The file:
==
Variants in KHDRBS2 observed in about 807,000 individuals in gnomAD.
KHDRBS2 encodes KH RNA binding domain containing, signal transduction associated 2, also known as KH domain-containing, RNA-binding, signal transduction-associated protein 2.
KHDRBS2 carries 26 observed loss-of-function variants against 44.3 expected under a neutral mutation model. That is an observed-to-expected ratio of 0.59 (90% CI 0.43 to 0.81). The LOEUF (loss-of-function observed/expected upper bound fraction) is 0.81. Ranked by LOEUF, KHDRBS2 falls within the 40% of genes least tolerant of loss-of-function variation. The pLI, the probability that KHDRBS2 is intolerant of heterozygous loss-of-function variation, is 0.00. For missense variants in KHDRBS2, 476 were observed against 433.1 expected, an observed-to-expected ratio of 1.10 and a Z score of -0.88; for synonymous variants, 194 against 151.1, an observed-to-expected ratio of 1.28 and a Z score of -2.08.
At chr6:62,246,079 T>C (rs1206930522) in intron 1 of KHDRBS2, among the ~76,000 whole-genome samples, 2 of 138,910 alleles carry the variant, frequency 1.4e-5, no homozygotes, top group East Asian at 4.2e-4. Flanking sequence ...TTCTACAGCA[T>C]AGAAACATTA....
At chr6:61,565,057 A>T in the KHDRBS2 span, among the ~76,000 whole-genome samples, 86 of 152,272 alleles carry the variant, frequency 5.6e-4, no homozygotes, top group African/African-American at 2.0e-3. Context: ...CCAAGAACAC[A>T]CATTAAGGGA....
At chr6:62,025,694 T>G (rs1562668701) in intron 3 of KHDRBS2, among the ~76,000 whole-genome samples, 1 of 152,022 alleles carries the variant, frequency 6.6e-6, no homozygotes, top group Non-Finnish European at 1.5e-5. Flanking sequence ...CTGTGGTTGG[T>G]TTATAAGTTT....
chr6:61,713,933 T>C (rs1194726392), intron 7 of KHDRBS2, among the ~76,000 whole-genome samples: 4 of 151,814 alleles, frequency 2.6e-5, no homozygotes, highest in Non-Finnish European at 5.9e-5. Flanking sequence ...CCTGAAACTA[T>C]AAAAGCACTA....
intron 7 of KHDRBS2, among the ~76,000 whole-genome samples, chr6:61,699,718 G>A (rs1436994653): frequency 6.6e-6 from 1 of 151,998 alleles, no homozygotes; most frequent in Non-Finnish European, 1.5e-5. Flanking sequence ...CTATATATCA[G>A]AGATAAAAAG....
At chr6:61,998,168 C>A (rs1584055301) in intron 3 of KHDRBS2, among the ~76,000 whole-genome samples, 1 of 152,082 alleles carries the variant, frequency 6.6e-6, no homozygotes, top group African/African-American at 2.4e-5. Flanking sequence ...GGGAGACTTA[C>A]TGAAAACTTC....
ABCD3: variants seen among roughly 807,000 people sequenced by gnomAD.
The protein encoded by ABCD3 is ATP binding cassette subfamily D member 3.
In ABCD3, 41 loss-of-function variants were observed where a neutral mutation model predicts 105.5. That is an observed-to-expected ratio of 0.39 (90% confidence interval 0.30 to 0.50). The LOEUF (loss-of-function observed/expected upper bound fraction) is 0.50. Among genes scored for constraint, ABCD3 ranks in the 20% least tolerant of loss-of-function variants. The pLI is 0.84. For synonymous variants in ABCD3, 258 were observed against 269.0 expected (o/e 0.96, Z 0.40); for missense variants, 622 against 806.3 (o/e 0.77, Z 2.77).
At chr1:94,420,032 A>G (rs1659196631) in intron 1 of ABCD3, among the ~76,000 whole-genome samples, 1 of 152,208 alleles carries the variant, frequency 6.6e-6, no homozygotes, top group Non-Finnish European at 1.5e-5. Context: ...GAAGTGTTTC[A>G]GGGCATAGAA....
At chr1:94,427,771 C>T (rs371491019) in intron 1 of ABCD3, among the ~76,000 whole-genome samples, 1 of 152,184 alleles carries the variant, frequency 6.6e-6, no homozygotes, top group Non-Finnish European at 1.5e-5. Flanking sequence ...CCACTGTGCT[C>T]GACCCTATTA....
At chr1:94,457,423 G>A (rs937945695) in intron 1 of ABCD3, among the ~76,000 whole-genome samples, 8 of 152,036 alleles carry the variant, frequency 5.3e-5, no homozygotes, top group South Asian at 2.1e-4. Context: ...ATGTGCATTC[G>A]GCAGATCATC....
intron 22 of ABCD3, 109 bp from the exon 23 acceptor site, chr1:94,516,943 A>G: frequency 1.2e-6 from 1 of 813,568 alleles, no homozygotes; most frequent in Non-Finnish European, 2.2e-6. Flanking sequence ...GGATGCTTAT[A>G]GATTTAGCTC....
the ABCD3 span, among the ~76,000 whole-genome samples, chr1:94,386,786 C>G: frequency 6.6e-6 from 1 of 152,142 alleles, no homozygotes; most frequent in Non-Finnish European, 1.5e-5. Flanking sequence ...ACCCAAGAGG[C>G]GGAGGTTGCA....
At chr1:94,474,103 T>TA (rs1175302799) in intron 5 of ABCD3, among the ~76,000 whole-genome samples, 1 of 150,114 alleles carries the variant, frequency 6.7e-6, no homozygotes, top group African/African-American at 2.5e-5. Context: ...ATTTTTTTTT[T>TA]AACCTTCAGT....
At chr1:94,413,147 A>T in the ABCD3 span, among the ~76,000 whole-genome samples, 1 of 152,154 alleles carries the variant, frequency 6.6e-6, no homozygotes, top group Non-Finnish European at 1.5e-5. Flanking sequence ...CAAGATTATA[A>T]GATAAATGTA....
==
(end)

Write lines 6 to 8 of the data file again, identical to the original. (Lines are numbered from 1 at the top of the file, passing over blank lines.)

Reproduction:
At chr6:62,025,694 T>G (rs1562668701) in intron 3 of KHDRBS2, among the ~76,000 whole-genome samples, 1 of 152,022 alleles carries the variant, frequency 6.6e-6, no homozygotes, top group Non-Finnish European at 1.5e-5. Flanking sequence ...CTGTGGTTGG[T>G]TTATAAGTTT....
chr6:61,713,933 T>C (rs1194726392), intron 7 of KHDRBS2, among the ~76,000 whole-genome samples: 4 of 151,814 alleles, frequency 2.6e-5, no homozygotes, highest in Non-Finnish European at 5.9e-5. Flanking sequence ...CCTGAAACTA[T>C]AAAAGCACTA....
intron 7 of KHDRBS2, among the ~76,000 whole-genome samples, chr6:61,699,718 G>A (rs1436994653): frequency 6.6e-6 from 1 of 151,998 alleles, no homozygotes; most frequent in Non-Finnish European, 1.5e-5. Flanking sequence ...CTATATATCA[G>A]AGATAAAAAG....